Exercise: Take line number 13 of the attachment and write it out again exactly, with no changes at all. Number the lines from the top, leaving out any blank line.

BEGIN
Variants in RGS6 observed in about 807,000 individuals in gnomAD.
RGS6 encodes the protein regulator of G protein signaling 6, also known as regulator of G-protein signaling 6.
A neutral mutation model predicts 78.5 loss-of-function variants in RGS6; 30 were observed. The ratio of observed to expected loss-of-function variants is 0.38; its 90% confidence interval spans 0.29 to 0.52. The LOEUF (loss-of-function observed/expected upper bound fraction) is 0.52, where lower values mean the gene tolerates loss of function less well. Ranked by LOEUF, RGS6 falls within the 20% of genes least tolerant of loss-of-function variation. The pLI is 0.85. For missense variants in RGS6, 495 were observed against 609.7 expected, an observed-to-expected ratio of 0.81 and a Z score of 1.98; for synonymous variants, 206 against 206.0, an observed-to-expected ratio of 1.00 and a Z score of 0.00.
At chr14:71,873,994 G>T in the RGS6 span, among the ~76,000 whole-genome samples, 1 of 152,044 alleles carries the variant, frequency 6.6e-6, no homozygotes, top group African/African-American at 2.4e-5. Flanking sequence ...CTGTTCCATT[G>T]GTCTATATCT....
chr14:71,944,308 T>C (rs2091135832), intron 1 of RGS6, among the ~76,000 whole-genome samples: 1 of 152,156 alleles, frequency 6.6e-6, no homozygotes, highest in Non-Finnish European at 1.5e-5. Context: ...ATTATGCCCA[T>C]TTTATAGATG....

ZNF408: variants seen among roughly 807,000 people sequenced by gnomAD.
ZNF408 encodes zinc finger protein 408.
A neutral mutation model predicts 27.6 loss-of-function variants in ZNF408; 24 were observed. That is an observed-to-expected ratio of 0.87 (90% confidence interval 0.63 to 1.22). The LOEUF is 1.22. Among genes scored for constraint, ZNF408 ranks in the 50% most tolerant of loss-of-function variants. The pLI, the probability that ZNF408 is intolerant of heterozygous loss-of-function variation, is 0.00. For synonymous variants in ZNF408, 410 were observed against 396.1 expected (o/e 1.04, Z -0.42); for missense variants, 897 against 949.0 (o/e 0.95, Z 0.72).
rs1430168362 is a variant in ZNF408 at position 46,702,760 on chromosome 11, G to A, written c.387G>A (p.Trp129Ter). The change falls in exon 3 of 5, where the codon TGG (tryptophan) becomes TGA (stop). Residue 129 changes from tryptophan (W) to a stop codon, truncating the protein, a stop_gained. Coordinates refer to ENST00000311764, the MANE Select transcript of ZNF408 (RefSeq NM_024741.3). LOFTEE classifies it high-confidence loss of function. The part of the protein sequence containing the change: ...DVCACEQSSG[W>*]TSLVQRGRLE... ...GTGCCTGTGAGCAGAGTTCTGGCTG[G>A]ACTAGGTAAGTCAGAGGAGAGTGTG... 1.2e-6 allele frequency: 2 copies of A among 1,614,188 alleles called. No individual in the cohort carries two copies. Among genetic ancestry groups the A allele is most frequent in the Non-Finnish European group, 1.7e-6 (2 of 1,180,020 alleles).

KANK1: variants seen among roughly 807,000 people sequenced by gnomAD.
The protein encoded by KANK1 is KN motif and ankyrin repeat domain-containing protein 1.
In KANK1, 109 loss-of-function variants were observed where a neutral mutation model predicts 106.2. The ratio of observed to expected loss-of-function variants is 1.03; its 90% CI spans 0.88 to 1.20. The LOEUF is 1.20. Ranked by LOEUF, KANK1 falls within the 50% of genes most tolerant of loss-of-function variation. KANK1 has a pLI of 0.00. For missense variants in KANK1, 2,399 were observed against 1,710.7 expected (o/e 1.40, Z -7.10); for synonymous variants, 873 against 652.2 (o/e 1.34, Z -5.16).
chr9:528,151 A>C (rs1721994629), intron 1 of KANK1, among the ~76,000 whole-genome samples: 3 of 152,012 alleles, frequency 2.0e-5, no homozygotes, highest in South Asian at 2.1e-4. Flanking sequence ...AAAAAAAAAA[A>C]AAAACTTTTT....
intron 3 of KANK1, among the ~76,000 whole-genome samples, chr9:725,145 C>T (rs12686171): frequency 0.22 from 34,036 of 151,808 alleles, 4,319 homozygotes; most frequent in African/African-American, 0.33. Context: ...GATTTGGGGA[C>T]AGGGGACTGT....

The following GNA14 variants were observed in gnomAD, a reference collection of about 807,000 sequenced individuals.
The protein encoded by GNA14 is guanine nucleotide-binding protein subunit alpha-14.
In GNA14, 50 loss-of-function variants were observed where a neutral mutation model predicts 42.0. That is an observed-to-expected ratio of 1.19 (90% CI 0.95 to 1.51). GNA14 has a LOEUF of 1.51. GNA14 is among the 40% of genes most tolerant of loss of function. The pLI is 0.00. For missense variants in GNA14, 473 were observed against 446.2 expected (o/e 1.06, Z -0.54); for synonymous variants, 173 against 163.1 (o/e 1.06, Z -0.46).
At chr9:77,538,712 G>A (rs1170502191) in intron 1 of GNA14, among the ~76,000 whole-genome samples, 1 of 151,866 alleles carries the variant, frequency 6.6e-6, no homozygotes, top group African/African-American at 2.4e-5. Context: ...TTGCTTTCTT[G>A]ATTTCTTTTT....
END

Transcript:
chr9:528,151 A>C (rs1721994629), intron 1 of KANK1, among the ~76,000 whole-genome samples: 3 of 152,012 alleles, frequency 2.0e-5, no homozygotes, highest in South Asian at 2.1e-4. Flanking sequence ...AAAAAAAAAA[A>C]AAAACTTTTT....